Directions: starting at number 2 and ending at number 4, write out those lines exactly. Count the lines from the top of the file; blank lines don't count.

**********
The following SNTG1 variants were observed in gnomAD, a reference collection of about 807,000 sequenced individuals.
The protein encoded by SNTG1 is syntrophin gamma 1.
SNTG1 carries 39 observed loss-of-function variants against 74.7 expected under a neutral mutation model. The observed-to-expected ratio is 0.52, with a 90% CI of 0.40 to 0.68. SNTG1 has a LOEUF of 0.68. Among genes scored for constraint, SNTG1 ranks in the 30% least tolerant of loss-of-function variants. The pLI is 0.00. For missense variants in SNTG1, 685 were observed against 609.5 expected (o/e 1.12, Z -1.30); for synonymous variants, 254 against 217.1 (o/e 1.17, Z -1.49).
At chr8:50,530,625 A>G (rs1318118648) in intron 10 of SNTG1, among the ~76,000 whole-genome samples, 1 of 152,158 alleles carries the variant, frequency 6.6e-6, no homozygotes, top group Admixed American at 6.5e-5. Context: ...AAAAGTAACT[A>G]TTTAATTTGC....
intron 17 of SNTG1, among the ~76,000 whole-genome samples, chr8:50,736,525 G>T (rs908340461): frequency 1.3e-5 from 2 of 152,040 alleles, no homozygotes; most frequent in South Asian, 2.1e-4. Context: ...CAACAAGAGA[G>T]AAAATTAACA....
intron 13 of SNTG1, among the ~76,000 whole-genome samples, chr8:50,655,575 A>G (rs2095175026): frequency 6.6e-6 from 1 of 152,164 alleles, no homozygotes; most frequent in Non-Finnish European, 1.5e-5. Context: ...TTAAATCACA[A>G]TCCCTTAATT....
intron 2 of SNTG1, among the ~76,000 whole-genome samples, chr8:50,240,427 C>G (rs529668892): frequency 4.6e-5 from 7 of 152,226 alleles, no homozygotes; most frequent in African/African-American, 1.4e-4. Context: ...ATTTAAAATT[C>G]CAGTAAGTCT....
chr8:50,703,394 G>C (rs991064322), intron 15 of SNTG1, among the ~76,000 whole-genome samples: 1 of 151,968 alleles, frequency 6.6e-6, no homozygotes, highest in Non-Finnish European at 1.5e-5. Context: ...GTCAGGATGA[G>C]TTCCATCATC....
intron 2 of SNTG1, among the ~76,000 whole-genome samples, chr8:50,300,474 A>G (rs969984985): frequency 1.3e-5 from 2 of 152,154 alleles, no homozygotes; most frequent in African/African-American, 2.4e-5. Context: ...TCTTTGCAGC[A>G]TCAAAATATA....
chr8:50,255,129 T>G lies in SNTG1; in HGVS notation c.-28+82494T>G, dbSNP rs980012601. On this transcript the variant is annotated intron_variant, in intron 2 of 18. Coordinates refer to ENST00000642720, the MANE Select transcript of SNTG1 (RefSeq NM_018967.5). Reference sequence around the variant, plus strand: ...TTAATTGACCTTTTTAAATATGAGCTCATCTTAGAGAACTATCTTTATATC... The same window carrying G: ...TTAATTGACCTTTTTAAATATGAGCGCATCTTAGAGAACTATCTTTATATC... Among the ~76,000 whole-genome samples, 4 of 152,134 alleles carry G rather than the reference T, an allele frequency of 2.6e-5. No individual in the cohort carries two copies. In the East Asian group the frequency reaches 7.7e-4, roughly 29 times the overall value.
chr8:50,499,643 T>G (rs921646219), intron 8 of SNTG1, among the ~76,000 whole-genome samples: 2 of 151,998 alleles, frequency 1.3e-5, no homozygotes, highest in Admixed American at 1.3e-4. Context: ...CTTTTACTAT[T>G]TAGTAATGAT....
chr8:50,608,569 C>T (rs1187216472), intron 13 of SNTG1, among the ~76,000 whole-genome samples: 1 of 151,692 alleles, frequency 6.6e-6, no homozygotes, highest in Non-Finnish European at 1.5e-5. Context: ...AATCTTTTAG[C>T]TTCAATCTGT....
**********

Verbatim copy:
The protein encoded by SNTG1 is syntrophin gamma 1.
SNTG1 carries 39 observed loss-of-function variants against 74.7 expected under a neutral mutation model. The observed-to-expected ratio is 0.52, with a 90% CI of 0.40 to 0.68. SNTG1 has a LOEUF of 0.68. Among genes scored for constraint, SNTG1 ranks in the 30% least tolerant of loss-of-function variants. The pLI is 0.00. For missense variants in SNTG1, 685 were observed against 609.5 expected (o/e 1.12, Z -1.30); for synonymous variants, 254 against 217.1 (o/e 1.17, Z -1.49).
At chr8:50,530,625 A>G (rs1318118648) in intron 10 of SNTG1, among the ~76,000 whole-genome samples, 1 of 152,158 alleles carries the variant, frequency 6.6e-6, no homozygotes, top group Admixed American at 6.5e-5. Context: ...AAAAGTAACT[A>G]TTTAATTTGC....